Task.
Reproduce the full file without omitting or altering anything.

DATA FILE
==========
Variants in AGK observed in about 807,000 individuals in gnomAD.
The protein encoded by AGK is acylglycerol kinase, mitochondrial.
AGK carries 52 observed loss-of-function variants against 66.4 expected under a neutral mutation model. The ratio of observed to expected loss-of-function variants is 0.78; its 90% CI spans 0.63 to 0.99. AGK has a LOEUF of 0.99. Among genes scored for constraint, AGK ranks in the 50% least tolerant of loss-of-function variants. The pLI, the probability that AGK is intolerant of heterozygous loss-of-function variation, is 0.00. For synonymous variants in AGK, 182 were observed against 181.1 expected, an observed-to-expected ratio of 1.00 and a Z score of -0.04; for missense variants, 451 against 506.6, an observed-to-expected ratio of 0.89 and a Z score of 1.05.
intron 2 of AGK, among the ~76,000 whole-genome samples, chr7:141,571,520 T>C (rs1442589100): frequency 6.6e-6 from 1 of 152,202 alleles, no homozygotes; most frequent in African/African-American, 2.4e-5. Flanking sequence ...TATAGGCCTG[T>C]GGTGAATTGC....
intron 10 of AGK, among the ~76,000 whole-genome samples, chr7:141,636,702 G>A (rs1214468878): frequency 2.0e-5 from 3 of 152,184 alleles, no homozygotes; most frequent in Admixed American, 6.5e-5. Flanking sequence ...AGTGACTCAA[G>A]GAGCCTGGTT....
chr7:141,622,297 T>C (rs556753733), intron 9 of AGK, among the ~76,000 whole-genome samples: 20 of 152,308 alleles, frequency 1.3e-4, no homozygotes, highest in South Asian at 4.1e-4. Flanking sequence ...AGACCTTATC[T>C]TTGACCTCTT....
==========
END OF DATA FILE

Variants in AGK observed in about 807,000 individuals in gnomAD.
The protein encoded by AGK is acylglycerol kinase, mitochondrial.
AGK carries 52 observed loss-of-function variants against 66.4 expected under a neutral mutation model. The ratio of observed to expected loss-of-function variants is 0.78; its 90% CI spans 0.63 to 0.99. AGK has a LOEUF of 0.99. Among genes scored for constraint, AGK ranks in the 50% least tolerant of loss-of-function variants. The pLI, the probability that AGK is intolerant of heterozygous loss-of-function variation, is 0.00. For synonymous variants in AGK, 182 were observed against 181.1 expected, an observed-to-expected ratio of 1.00 and a Z score of -0.04; for missense variants, 451 against 506.6, an observed-to-expected ratio of 0.89 and a Z score of 1.05.
intron 2 of AGK, among the ~76,000 whole-genome samples, chr7:141,571,520 T>C (rs1442589100): frequency 6.6e-6 from 1 of 152,202 alleles, no homozygotes; most frequent in African/African-American, 2.4e-5. Flanking sequence ...TATAGGCCTG[T>C]GGTGAATTGC....
intron 10 of AGK, among the ~76,000 whole-genome samples, chr7:141,636,702 G>A (rs1214468878): frequency 2.0e-5 from 3 of 152,184 alleles, no homozygotes; most frequent in Admixed American, 6.5e-5. Flanking sequence ...AGTGACTCAA[G>A]GAGCCTGGTT....
chr7:141,622,297 T>C (rs556753733), intron 9 of AGK, among the ~76,000 whole-genome samples: 20 of 152,308 alleles, frequency 1.3e-4, no homozygotes, highest in South Asian at 4.1e-4. Flanking sequence ...AGACCTTATC[T>C]TTGACCTCTT....